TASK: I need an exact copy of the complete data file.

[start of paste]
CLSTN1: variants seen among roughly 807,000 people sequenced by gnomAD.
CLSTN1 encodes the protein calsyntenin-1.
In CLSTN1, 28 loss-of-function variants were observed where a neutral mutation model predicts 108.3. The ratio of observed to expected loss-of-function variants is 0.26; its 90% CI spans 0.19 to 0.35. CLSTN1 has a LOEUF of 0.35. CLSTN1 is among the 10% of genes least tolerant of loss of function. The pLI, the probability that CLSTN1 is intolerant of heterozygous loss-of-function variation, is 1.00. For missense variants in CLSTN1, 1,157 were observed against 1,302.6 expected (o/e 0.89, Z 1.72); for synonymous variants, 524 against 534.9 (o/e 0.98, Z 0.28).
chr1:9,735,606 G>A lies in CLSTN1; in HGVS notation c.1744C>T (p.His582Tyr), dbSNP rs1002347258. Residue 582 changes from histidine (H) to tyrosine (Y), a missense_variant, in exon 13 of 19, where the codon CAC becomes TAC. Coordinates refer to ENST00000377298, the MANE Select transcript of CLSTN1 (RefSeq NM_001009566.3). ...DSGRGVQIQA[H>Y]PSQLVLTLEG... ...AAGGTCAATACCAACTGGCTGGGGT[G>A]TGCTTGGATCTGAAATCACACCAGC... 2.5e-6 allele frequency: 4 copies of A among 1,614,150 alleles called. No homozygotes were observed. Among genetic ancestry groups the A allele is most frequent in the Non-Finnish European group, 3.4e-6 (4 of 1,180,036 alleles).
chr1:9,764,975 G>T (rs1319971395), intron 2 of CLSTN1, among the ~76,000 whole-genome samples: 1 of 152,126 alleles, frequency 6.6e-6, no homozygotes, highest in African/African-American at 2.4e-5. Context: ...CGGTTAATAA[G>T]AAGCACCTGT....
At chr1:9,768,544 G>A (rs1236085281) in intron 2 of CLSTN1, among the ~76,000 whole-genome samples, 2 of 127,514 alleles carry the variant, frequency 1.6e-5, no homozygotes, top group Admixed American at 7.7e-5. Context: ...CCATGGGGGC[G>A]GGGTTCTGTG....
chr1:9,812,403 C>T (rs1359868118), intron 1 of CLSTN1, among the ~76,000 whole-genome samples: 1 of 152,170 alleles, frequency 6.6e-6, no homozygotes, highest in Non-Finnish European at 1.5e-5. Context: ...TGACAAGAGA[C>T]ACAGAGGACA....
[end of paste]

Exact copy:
CLSTN1: variants seen among roughly 807,000 people sequenced by gnomAD.
CLSTN1 encodes the protein calsyntenin-1.
In CLSTN1, 28 loss-of-function variants were observed where a neutral mutation model predicts 108.3. The ratio of observed to expected loss-of-function variants is 0.26; its 90% CI spans 0.19 to 0.35. CLSTN1 has a LOEUF of 0.35. CLSTN1 is among the 10% of genes least tolerant of loss of function. The pLI, the probability that CLSTN1 is intolerant of heterozygous loss-of-function variation, is 1.00. For missense variants in CLSTN1, 1,157 were observed against 1,302.6 expected (o/e 0.89, Z 1.72); for synonymous variants, 524 against 534.9 (o/e 0.98, Z 0.28).
chr1:9,735,606 G>A lies in CLSTN1; in HGVS notation c.1744C>T (p.His582Tyr), dbSNP rs1002347258. Residue 582 changes from histidine (H) to tyrosine (Y), a missense_variant, in exon 13 of 19, where the codon CAC becomes TAC. Coordinates refer to ENST00000377298, the MANE Select transcript of CLSTN1 (RefSeq NM_001009566.3). ...DSGRGVQIQA[H>Y]PSQLVLTLEG... ...AAGGTCAATACCAACTGGCTGGGGT[G>A]TGCTTGGATCTGAAATCACACCAGC... 2.5e-6 allele frequency: 4 copies of A among 1,614,150 alleles called. No homozygotes were observed. Among genetic ancestry groups the A allele is most frequent in the Non-Finnish European group, 3.4e-6 (4 of 1,180,036 alleles).
chr1:9,764,975 G>T (rs1319971395), intron 2 of CLSTN1, among the ~76,000 whole-genome samples: 1 of 152,126 alleles, frequency 6.6e-6, no homozygotes, highest in African/African-American at 2.4e-5. Context: ...CGGTTAATAA[G>T]AAGCACCTGT....
At chr1:9,768,544 G>A (rs1236085281) in intron 2 of CLSTN1, among the ~76,000 whole-genome samples, 2 of 127,514 alleles carry the variant, frequency 1.6e-5, no homozygotes, top group Admixed American at 7.7e-5. Context: ...CCATGGGGGC[G>A]GGGTTCTGTG....
chr1:9,812,403 C>T (rs1359868118), intron 1 of CLSTN1, among the ~76,000 whole-genome samples: 1 of 152,170 alleles, frequency 6.6e-6, no homozygotes, highest in Non-Finnish European at 1.5e-5. Context: ...TGACAAGAGA[C>T]ACAGAGGACA....